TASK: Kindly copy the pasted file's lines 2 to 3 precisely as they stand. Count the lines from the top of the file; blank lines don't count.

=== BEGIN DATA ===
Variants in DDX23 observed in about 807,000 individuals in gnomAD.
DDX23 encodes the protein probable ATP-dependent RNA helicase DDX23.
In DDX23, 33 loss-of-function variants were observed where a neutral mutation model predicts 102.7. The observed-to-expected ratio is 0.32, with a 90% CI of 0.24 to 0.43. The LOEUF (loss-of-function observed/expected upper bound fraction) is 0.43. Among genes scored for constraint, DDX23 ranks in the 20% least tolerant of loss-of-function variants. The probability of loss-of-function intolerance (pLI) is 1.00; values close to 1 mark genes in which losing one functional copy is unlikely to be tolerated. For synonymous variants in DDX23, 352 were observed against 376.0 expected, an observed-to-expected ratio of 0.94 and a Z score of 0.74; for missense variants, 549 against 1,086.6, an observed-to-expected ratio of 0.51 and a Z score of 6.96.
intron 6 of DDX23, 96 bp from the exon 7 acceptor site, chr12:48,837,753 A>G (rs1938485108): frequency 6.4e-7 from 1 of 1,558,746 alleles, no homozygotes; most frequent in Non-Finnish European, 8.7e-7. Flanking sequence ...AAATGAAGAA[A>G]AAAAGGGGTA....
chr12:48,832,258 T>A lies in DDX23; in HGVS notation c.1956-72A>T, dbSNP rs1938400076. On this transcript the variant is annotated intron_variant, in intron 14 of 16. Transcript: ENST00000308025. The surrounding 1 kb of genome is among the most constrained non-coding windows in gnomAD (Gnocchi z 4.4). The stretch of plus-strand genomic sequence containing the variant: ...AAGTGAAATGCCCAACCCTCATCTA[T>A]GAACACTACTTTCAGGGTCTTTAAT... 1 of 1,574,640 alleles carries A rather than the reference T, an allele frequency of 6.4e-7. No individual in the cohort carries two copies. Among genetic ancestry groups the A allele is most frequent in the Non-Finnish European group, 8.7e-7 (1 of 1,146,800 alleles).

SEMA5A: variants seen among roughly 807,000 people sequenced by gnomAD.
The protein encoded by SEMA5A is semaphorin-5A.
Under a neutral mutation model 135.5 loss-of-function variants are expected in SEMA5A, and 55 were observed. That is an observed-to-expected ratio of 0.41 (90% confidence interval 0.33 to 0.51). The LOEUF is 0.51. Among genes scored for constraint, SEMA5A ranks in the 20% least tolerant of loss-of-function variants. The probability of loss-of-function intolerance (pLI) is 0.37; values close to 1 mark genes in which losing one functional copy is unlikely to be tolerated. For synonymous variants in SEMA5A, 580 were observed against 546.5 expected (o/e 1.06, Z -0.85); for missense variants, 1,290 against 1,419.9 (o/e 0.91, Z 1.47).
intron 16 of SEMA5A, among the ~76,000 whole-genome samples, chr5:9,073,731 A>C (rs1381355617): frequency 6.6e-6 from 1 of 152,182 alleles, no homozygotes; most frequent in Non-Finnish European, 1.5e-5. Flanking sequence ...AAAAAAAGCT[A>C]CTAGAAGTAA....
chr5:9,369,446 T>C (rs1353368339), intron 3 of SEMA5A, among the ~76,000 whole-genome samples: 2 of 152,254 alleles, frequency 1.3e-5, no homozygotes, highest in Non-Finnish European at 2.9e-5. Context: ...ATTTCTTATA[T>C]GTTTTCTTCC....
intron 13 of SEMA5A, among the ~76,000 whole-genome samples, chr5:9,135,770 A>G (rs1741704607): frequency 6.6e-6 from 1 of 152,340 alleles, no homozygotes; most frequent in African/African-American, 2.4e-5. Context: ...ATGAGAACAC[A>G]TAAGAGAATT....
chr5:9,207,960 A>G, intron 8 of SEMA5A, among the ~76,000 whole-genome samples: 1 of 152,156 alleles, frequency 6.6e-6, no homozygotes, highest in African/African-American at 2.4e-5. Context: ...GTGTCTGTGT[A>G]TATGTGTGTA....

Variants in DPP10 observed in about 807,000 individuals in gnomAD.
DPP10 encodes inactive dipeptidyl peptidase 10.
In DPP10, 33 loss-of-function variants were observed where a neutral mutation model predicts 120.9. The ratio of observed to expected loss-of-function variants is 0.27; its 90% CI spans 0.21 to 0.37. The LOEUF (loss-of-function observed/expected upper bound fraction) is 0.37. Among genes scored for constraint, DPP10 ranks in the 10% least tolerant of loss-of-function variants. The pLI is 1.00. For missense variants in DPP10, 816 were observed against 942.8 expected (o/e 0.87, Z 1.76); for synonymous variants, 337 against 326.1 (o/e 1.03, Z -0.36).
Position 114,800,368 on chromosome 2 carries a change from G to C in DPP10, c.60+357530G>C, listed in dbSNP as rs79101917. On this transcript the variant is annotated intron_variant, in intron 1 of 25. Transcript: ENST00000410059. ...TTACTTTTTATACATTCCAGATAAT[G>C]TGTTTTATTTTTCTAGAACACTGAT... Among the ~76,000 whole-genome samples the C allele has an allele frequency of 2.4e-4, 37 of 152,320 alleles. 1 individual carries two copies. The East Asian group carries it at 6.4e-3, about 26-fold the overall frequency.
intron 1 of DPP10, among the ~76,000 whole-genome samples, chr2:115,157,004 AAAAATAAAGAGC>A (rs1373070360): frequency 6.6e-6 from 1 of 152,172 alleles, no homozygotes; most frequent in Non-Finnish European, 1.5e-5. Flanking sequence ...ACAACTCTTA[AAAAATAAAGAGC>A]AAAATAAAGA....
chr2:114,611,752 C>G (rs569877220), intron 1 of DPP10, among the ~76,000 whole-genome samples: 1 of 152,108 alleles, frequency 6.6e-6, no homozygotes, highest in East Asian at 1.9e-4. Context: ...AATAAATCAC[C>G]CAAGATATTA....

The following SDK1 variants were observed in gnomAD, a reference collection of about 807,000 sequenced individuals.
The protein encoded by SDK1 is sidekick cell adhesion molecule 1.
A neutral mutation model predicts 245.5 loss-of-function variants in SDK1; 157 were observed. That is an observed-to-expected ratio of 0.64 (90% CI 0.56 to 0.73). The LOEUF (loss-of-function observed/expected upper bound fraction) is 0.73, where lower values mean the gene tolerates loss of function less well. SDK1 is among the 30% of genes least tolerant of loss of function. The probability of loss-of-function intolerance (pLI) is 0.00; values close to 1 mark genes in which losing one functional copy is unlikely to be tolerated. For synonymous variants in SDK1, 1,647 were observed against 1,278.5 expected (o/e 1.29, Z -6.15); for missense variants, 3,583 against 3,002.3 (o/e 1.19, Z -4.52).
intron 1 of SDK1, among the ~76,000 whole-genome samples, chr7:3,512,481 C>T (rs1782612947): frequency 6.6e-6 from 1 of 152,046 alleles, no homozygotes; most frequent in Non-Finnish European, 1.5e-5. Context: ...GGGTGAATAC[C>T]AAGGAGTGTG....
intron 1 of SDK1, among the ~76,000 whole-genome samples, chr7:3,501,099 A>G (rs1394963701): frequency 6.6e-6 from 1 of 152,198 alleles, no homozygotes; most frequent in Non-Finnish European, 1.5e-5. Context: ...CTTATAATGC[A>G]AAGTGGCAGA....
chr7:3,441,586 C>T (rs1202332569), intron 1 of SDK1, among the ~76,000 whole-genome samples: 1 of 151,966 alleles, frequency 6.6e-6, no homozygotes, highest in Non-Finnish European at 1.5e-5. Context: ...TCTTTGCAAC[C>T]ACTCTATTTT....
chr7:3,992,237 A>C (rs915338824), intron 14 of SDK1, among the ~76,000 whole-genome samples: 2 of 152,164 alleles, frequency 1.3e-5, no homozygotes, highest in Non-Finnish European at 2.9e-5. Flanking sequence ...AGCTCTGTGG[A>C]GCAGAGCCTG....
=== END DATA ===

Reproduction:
DDX23 encodes the protein probable ATP-dependent RNA helicase DDX23.
In DDX23, 33 loss-of-function variants were observed where a neutral mutation model predicts 102.7. The observed-to-expected ratio is 0.32, with a 90% CI of 0.24 to 0.43. The LOEUF (loss-of-function observed/expected upper bound fraction) is 0.43. Among genes scored for constraint, DDX23 ranks in the 20% least tolerant of loss-of-function variants. The probability of loss-of-function intolerance (pLI) is 1.00; values close to 1 mark genes in which losing one functional copy is unlikely to be tolerated. For synonymous variants in DDX23, 352 were observed against 376.0 expected, an observed-to-expected ratio of 0.94 and a Z score of 0.74; for missense variants, 549 against 1,086.6, an observed-to-expected ratio of 0.51 and a Z score of 6.96.